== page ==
Elder Neal A. Maxwell: A Devoted Life
September 2004

“Elder Neal A. Maxwell: A Devoted Life,” New Era, Sept. 2004, 10

Elder Neal A. Maxwell:
A Devoted Life

Elder Neal A. Maxwell

On 21 July 2004, Elder Neal A. Maxwell, a member of the Quorum of the Twelve Apostles, passed away after an eight-year battle with leukemia. At the time of his death, he was with his family at his home in Salt Lake City. Elder Maxwell was 78 years old and had served as a General Authority for more than 30 years. He served as an Assistant to the Twelve, a member of the Presidency of the First Quorum of Seventy, and as an Apostle.

Born on 6 July 1926 in Salt Lake City, Utah, Neal Ash Maxwell was the oldest of six children. He grew up in a loving family with five uncles determined to make their first nephew into an all-state basketball player. Hoping to play on the famous Granite High School team, Neal worked very hard practicing his basketball skills. Unfortunately, he stopped growing at a critical time and would not reach his adult height until after high school. As he described later, not making the team was his “first real disappointment in life.”1

In his teen years, Neal also suffered from severe acne and was teased because he raised pigs, a project he had participated in since a young boy. Elder Jeffrey R. Holland, also of the Quorum of the Twelve Apostles, said the compassion evident in Elder Maxwell’s speaking and writing was developed in his teenage years. “What scarred the skin,” Elder Holland said, “seems to have softened the heart.”2

After graduating from high school towards the end of World War II, Neal joined the army. He had a life-changing experience while in a fierce battle on Okinawa, Japan. During a battle, Neal’s mortar position was under fire. Three shells in a row had exploded, each closer to his foxhole than the previous one. He realized the enemy had determined his position. The next shell would land on top of him. He prayed “one of those selfish, honest prayers,”3 asking for protection from the next bomb. In his pocket he carried a copy of his patriarchal blessing that said his life would not be shortened and that he would not be deprived of fulfilling every assignment that was given to him in the premortal existence.

The shelling stopped. He later wrote: “I am sure the Lord answered my prayers. … The following night they began to pour shells in, but almost all of them were duds—either the ammunition had gotten wet or they were not exploding in the very thick, oozing mud. … I felt preserved, and unworthily so, but have tried to be somewhat faithful to that promise that was given at the time.”4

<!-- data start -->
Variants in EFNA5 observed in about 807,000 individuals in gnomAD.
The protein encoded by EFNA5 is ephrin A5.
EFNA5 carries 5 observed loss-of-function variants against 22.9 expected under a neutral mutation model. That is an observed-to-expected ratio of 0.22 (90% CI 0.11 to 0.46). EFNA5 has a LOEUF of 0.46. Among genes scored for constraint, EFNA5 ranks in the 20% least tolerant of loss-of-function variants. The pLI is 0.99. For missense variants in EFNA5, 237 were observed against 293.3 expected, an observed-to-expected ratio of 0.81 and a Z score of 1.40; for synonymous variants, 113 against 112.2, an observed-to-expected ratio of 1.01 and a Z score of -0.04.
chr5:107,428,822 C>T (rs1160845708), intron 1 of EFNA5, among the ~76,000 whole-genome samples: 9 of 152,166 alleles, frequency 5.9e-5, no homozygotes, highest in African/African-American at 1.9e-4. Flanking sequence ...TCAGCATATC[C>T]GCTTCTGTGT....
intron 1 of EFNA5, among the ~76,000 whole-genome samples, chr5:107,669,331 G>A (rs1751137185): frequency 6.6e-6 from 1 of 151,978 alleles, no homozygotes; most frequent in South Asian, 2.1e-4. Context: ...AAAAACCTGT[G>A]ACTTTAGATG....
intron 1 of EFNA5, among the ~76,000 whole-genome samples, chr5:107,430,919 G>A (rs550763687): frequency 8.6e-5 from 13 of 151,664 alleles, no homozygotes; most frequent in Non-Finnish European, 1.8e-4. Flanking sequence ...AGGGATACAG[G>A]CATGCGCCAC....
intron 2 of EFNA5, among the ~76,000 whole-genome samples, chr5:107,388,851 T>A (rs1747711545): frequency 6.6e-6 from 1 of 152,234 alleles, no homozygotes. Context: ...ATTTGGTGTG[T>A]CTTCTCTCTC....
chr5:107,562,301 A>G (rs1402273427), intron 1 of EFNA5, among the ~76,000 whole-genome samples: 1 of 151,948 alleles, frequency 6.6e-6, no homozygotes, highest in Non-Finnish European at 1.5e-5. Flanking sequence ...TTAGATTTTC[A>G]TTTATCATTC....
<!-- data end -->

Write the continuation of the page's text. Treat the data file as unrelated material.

After fulfilling his enlistment in the army, Elder Neal Maxwell was called to a full-time mission in the Canadian Mission, with headquarters in Toronto. After serving successfully, he returned to attend college and prepared to enter a career as an educator. He married Colleen Hinckley, and their family grew to include four children (Cory, Becky, Nancy, and Jane) and 24 grandchildren.

He was executive vice president at the University of Utah at the time of his appointment as the commissioner of education for the Church Educational System in 1970. He held that position for six years. He was called as an Assistant to the Twelve in 1974. In 1976 he was called to the Presidency of the First Quorum of the Seventy, and in July 1981, he was called to the Quorum of the Twelve Apostles.

Known for his extensive vocabulary and elegant writing style, Elder Maxwell has always presented a challenge to translators. During one general conference, the translators had categorized each talk in levels of difficulty. All of the talks fit in levels one through four except Elder Maxwell’s. His talk was alone at level five.5

President Gordon B. Hinckley said Elder Maxwell spoke “differently from any of the other General Authorities. He just has a unique style all his own. We all admire it.”6

Towards the end of his life and while struggling with leukemia, Elder Maxwell had a sacred experience that he could only compare with what happened half a century before on Okinawa. The Spirit whispered, “I have given you leukemia that you might teach my people with authenticity.”7

Elder Maxwell will be remembered for his stirring words as he acted as a special witness for Christ.


  1. Bruce C. Hafen, A Disciple’s Life: The Biography of Neal A. Maxwell (2002), 85.

  2. A Disciple’s Life, 91.

  3. A Disciple’s Life, 110.

  4. A Disciple’s Life, 110.

  5. A Disciple’s Life, 521.

  6. A Disciple’s Life, 520.

  7. A Disciple’s Life, 562.

Photographs courtesy of the Maxwell family

Displaying ribbons for his prize pigs.

In the army.

Serving a mission in Canada.

At conference after undergoing treatment for cancer.

Elder Maxwell and his wife, Colleen.

At the Lick Observatory during the filming of Special Witnesses of Christ.